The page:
Immigration

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551

(Immigration)

We ask ourselves, why can’t people stay in their own countries, why do so many leave their places of birth, their unique cultures and languages, their loved relatives and in a word their entire lives, to emigrate to other latitudes where they are not welcome? Most of these people through no fault of their own are forced to seek survival for themselves and their families elsewhere. Failed and corrupt governments unable or unwilling to provide economic opportunities for their people, are responsible in many cases, natural phenomena such and draught and plague that bring about famine, political upheaval, lack of safety for the population and many other factors contribute to the outpouring of humanity from disadvantaged countries.

Employment opportunities and better standards of living in host countries are huge attractions for people who have nothing to lose, and are willing to risk everything for an improved life. 

Countries in eastern and western Europe, Asia and America, are grappling with waves of immigrants coming from Africa, the Middle East, and Central and South America, immigrants that are willing to tackle every kind of job no matter how menial it may be, work they say locals will not perform. Unskilled, low paying jobs that keep the costs of products low so everybody can buy cheap and companies can compete in a world labor market and survive. The cost of union and non-union labor is so high in developed countries in sectors of the economy like agriculture, services and manufacturing that unless there is a source of inexpensive labor, these companies would fail, bringing about many negative social and fiscal repercussions for the entire population. 

Were it not for this pool of cheap hand labor; some crops would not be harvested and left to rot like occurred in the UK in 2018; $13 million in crops in California were not harvested because no one was willing to work jobs vacated by migrants.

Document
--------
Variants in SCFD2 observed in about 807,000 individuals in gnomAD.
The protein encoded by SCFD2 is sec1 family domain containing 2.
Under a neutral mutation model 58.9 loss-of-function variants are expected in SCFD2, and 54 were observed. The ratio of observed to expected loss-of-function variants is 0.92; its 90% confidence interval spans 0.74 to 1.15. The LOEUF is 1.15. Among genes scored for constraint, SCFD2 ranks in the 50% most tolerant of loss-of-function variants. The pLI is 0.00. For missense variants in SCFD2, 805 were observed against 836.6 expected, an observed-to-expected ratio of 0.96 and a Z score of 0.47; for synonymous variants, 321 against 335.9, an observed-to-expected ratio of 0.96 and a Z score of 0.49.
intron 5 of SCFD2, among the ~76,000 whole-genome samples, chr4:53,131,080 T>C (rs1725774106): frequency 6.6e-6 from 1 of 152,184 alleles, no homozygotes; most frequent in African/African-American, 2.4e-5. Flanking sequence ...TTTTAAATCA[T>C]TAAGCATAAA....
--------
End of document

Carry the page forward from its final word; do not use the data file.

Additionally, labor trafficking in manufacturing has occurred in the garment industry and in food processing plants in the United States. Both men and women are forced to work 10-12 hour days, 6-7 days per week with little or no break time. 

People may be trafficked into garment industry jobs such as sewing, assembling, pressing, or packing apparel. Others may be forced to work in food processing operations that include slaughtering, preserving, canning and packing goods for distribution. 

Immigrant workers, including some with H-2B visas, who arrive in the U. S. to perform non-agricultural labor or temporary services, are often recruited into these industries. 

Immigration, both legal and illegal has been kicked around like a political soccer ball by the governing class so as to keep their positions, salaries and benefits that are underwritten by the common taxpayer – perks that are not offered in private business for these perpetual public servants. 

The voting public in these democracies have the final say. Shall we continue to tolerate that lawmakers here in Washington and other capitals of the world maintain a hands-off attitude towards an immigration issue that unjustly affects millions of human beings that can and should be legally incorporated into a society to which they already contribute, without their fair share of retribution?

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